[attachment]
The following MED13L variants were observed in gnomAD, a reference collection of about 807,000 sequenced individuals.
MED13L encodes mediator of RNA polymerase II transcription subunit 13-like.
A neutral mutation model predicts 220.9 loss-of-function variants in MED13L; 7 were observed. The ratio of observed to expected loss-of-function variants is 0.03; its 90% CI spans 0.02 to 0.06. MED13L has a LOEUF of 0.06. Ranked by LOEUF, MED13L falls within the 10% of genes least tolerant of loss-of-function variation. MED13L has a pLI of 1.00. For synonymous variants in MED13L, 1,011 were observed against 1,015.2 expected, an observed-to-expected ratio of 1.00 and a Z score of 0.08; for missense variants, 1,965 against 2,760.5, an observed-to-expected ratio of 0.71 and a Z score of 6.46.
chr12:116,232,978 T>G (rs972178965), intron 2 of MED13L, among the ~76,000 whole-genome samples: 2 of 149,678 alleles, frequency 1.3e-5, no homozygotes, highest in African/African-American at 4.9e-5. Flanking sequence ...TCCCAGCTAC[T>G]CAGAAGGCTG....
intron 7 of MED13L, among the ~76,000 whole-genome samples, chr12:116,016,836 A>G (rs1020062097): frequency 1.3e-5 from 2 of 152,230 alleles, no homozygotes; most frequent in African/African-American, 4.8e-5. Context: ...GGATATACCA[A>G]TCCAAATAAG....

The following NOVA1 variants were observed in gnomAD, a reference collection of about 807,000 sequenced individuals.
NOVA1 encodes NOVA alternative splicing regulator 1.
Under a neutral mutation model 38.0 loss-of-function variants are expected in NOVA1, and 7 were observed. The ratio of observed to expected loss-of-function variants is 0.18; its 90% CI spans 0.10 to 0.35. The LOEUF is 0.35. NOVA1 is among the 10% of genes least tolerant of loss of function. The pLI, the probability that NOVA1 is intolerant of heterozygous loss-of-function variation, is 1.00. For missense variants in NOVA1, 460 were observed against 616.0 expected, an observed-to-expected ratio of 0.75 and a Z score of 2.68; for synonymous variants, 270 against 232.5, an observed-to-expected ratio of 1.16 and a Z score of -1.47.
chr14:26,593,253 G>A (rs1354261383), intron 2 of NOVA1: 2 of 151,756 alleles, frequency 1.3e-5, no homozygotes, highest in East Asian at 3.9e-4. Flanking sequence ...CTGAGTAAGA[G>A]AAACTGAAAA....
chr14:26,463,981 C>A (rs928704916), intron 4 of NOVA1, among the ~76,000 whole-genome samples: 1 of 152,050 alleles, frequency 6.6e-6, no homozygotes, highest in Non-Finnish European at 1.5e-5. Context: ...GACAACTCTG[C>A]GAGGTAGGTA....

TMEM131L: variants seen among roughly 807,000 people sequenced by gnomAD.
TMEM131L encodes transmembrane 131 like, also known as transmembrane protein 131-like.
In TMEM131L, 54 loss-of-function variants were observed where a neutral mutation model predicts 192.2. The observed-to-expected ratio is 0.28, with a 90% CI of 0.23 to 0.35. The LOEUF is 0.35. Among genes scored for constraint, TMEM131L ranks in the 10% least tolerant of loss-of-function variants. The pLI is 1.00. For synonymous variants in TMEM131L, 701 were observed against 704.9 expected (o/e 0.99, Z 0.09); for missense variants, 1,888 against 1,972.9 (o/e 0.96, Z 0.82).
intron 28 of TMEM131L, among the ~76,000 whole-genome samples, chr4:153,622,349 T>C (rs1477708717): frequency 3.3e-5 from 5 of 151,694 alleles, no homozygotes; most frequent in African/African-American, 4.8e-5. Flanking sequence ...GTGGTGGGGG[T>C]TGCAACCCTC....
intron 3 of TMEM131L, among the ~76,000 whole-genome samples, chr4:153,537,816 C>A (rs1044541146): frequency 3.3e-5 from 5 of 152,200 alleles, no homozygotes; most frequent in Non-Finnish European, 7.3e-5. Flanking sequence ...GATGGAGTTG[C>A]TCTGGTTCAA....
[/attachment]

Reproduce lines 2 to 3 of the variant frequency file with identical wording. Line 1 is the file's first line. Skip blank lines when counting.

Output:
MED13L encodes mediator of RNA polymerase II transcription subunit 13-like.
A neutral mutation model predicts 220.9 loss-of-function variants in MED13L; 7 were observed. The ratio of observed to expected loss-of-function variants is 0.03; its 90% CI spans 0.02 to 0.06. MED13L has a LOEUF of 0.06. Ranked by LOEUF, MED13L falls within the 10% of genes least tolerant of loss-of-function variation. MED13L has a pLI of 1.00. For synonymous variants in MED13L, 1,011 were observed against 1,015.2 expected, an observed-to-expected ratio of 1.00 and a Z score of 0.08; for missense variants, 1,965 against 2,760.5, an observed-to-expected ratio of 0.71 and a Z score of 6.46.